1
$\begingroup$

Given $0 < a, b < 1$, consider the Hartogs figure $H$ given by \begin{equation*} H = \{ (z,w) \in \mathbb{D}\times \mathbb{D} \ \ | \ \ |z| > a \} \cup \{ (z,w) \in \mathbb{D} \times \mathbb{D} \ \ | \ \ |w| < b \}. \end{equation*} It is well known that $H$ is not a domain of holomorphy; any holomorphic function on $H$ is actually holomorphic on the whole of $\mathbb{D}\times\mathbb{D}$. Thus, by the well established equivalence between domains of holomorphy and holomorphically convex domains $H$ is not holomorphically convex. However, is it possible to prove that $H$ is not holomorphically convex straight from the definition without using any equivalent statements nor known facts about $H$?

Recall the definition of holomorphic convexity: a domain $U$ is said to be holomorphically convex if for every compact subset $K \subset U$, the holomorphic convex hull $\hat{K}_U$ is also compact in $U$. Here the holomorphic convex hull is \begin{equation*} \hat{K}_U = \{ z \in U \ \ | \ \ |f(z)| \leq \sup_{\zeta \in K}|f(\zeta)| \ \ \forall f \in \mathcal{O}(U) \}. \end{equation*}

$\endgroup$
2
$\begingroup$

In the end you will need to know something about the functions in $\mathcal{O}(H)$. Specifically we would need their behaviour near some point on the boundary $\partial H$, which would tell us that $H$ is not a d.o.h. However since we get the extension to $\mathbb{D}^2$ directly by the Cauchy integral formula, it is a lot easier using this.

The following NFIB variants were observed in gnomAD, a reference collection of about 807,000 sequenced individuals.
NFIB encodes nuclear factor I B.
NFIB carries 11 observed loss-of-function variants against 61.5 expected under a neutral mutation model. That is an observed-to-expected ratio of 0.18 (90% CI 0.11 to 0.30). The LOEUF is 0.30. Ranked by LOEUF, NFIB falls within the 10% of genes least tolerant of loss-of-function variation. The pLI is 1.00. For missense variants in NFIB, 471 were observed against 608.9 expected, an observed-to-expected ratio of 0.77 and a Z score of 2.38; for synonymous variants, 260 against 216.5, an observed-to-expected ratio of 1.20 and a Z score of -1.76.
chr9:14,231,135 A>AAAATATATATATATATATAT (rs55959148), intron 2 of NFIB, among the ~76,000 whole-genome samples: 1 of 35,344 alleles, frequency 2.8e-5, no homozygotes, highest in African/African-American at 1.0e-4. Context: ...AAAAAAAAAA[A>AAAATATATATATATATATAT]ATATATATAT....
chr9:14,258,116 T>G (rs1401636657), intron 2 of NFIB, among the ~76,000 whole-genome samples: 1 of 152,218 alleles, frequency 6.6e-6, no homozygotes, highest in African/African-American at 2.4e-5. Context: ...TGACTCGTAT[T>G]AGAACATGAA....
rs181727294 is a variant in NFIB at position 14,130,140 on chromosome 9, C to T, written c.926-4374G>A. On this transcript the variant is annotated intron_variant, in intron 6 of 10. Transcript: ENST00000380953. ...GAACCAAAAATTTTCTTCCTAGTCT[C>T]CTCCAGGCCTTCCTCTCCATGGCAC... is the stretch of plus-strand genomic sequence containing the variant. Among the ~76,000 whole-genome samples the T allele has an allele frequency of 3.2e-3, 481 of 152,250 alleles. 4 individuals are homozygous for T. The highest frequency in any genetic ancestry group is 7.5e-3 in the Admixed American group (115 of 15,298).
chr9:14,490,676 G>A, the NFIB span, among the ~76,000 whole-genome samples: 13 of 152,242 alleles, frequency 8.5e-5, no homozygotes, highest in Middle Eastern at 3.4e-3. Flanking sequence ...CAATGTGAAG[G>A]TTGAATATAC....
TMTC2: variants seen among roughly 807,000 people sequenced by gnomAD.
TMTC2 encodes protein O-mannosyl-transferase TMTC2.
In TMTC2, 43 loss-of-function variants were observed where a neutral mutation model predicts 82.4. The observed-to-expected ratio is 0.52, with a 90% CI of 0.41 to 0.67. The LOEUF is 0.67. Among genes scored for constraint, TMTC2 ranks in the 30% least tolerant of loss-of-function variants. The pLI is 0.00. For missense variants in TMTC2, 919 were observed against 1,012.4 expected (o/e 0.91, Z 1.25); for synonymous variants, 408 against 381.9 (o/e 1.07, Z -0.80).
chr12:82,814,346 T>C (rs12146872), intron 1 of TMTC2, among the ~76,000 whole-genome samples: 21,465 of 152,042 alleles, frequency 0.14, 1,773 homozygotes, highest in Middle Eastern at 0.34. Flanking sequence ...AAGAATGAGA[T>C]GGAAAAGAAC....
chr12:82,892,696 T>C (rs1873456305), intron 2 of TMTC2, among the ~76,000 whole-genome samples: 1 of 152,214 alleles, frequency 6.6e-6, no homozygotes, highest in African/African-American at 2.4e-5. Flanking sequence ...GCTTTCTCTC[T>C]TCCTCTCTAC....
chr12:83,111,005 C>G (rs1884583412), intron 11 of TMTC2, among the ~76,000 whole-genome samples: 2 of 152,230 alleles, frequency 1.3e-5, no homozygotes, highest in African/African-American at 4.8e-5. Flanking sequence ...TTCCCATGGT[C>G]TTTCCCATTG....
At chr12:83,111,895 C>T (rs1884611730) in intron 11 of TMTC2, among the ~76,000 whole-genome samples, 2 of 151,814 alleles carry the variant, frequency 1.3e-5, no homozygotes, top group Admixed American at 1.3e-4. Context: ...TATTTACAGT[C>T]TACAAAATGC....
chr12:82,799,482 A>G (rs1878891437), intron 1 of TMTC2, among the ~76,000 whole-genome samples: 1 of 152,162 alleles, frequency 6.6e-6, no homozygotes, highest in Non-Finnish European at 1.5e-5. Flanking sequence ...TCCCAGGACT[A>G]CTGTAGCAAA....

If we know that $\mathcal{O}(H) = \mathcal{O}(\mathbb{D}^2)$ the result follows directly. Consider the Reinhardt domain $K= \{(z,w) \in \mathbb{C}^2 \; | \; |z|=r_1,\; |w|=r_2\}$ for real numbers $r_1,r_2$.

We know that holomorphic functions on a polydisc $\Delta_{r_1}\times \Delta_{r_2}$ have maximum modulus on the distinguished boundary $\Gamma = \partial \Delta_{r_1}\times \partial \Delta_{r_h}$ by the maximum principle. Thus the holomorphic hull is \begin{equation} \hat K = H \cap \{(z,w) \in \mathbb{C}^2 \; | \; |z| \le r_1,\; |w| \le r_2\}. \end{equation} In particular if we pick $a<r_1<1$, $b<r_2<1$ we get a holomorphic hull that is not relatively compact in $H$.

$\endgroup$
1
  • $\begingroup$ That is exactly the argument I used to solve the problem. Thanks for your help. $\endgroup$ Aug 11 '20 at 2:38

Your Answer

By clicking “Post Your Answer”, you agree to our terms of service, privacy policy and cookie policy

Not the answer you're looking for? Browse other questions tagged or ask your own question.